Vuokatti Tourist information Center is working to improve biodiversity by mitigating climate change by creating, together with Tornator, a significant carbon sink in Laakajärvi. Vuokatti lives off tourism, and its tourism depends on the breathtaking and versatile nature. And this is something that must be kept that way.

“Vuokatti Tourist information Center contacted us and suggested that we embark on a joint mire restoration project, because we are a major local landowner on the area. We saw this as an excellent opportunity to increase public awareness about our responsibility and the measures we have taken to slow down the loss of diversity together with local actors,” says Tornator’s CEO Henrik Nieminen.

Mire restoration achieves many benefits, most notably increasing the biodiversity of mires and slowing down their endangerment development. The process of restoration raises the water back to its original level, thereby helping the vegetation and other species to return towards the original mire species. Mire restoration is used to improve the conditions of various types of mire biotopes.

“Restoration can improve the recreational conditions of mires in the form of abundant berry harvests and better conditions for game to live in. Mire restoration also has the long-term benefit of improving the quality of runoff water, as the nutrient and solid-matter discharges from drained mires are stopped. This may also contribute to better fishing in nearby waters,” says Nieminen.

Restoration also results in more peat being formed, which means that, in the long run, carbon will be sequestered in the peatland, slowing down the adverse effects of climate change.

“Of course, when restoring mires, it has to be kept in mind that the changes are often slow. Better berry harvests and better conditions for game animals to live in may be achieved relatively quickly, but in terms of mire vegetation restoration and positive environmental effects, we are definitely talking about decades,” says Nieminen.

Restoring a mire has many positive effects on the local biodiversity.

“We expect mire species to recover and diversify, and hope to have better cloudberry and cranberry harvests. With recovering mire vegetation, many butterflies that thrive in mires will benefit. The living conditions of willow grouses and black grouse will improve, and we are hoping they will return to the area.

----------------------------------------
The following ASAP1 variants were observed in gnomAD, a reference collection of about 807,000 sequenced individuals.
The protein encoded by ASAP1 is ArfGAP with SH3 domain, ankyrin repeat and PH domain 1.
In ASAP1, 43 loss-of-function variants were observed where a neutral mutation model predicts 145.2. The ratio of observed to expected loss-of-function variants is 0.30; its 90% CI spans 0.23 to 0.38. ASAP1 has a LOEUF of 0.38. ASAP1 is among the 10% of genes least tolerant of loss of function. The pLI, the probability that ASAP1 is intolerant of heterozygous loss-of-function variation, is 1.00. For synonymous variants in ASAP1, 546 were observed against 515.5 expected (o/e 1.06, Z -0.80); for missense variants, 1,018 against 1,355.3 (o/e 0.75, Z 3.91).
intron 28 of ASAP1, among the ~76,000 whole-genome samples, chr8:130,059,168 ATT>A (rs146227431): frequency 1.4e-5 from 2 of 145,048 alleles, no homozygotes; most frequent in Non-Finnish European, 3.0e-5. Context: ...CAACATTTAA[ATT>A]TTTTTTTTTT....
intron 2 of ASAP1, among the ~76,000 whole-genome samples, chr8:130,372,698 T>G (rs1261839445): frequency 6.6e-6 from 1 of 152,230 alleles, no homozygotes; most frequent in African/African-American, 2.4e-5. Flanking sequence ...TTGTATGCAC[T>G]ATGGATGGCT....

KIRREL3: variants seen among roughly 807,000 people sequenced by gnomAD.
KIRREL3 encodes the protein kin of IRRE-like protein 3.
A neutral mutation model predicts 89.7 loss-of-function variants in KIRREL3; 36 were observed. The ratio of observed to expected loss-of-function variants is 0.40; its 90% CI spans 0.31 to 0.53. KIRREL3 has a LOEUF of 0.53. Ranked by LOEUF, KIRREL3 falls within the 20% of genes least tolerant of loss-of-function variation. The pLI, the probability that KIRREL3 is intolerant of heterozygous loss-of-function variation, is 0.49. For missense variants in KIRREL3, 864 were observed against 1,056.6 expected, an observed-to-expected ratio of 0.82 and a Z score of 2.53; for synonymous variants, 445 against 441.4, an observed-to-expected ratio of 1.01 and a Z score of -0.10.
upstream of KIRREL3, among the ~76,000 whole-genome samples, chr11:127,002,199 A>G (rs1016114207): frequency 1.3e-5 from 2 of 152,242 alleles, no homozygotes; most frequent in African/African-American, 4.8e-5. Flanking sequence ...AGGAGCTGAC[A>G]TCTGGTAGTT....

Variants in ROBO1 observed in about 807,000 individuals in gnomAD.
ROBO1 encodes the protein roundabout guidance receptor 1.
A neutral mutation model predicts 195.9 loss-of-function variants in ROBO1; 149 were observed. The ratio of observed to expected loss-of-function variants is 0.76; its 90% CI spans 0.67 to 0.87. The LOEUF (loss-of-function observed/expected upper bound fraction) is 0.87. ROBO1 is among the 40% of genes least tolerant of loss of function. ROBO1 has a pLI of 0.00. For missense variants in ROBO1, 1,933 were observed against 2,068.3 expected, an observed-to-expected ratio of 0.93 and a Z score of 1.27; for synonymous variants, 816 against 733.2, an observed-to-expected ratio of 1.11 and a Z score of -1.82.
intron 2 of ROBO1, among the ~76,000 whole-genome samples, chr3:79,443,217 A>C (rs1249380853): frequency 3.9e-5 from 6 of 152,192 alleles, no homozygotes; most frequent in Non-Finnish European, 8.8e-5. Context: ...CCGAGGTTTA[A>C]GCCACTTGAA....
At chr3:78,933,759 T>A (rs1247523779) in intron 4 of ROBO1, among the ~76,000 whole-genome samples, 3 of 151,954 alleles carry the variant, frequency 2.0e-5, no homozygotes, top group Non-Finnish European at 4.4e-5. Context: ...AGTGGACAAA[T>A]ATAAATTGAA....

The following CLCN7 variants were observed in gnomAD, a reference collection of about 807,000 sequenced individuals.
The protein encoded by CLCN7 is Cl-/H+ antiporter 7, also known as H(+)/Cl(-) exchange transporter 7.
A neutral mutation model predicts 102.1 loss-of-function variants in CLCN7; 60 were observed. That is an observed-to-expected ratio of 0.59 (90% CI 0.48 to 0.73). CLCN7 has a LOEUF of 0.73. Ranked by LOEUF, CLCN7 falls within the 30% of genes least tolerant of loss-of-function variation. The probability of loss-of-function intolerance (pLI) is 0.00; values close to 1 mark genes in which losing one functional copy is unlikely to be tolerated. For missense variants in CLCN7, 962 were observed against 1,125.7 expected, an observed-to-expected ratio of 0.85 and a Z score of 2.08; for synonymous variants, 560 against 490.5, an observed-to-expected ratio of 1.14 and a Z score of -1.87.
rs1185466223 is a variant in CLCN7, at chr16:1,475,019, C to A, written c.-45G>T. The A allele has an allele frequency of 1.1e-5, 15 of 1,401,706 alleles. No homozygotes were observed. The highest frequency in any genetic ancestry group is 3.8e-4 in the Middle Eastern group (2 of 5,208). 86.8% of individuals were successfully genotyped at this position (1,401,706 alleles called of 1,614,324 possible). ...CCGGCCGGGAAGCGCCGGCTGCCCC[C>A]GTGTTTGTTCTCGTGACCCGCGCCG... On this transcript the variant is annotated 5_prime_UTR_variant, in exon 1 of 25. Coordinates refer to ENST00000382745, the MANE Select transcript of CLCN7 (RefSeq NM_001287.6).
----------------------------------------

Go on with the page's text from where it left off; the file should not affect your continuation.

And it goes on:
This particular mire also has several springs, which were also restored. We are interested to see which species will return,” says Nieminen.

For our children to be able to enjoy mires − and for them to be an integral part of this project, the pupils of the local Vuokatti School, the mire agents, are included in the restoration project.

“We knew right from the start that this was going to be a long project, and we thought it would be great to involve children and youngsters to see how the mire project gets going and develops. I believe this will be an experience the children will not forget. The teachers were also enthusiastic about the project, and they have told us they’ve come up with many ideas on how to integrate this project with the children’s school subjects,” says Mika Kilpeläinen, the Mayor of Sotkamo, and continues:

“In practice this means the pupils of Vuokatti School will operate as mire agents, following how the project progresses throughout their nine years of comprehensive school. They will be given a variety of biodiversity and environmental assignments linked to their curricula. I see this as an excellent opportunity to learn through first-hand experience outside the classroom.”

There are plenty of opportunities, as the area to be restored is large (55 hectares), and currently two thirds of the mire has been restored. The target is to complete the remaining restoration work by the end of summer 2022. But this is by no means the last of mire projects. There’s still plenty to work on.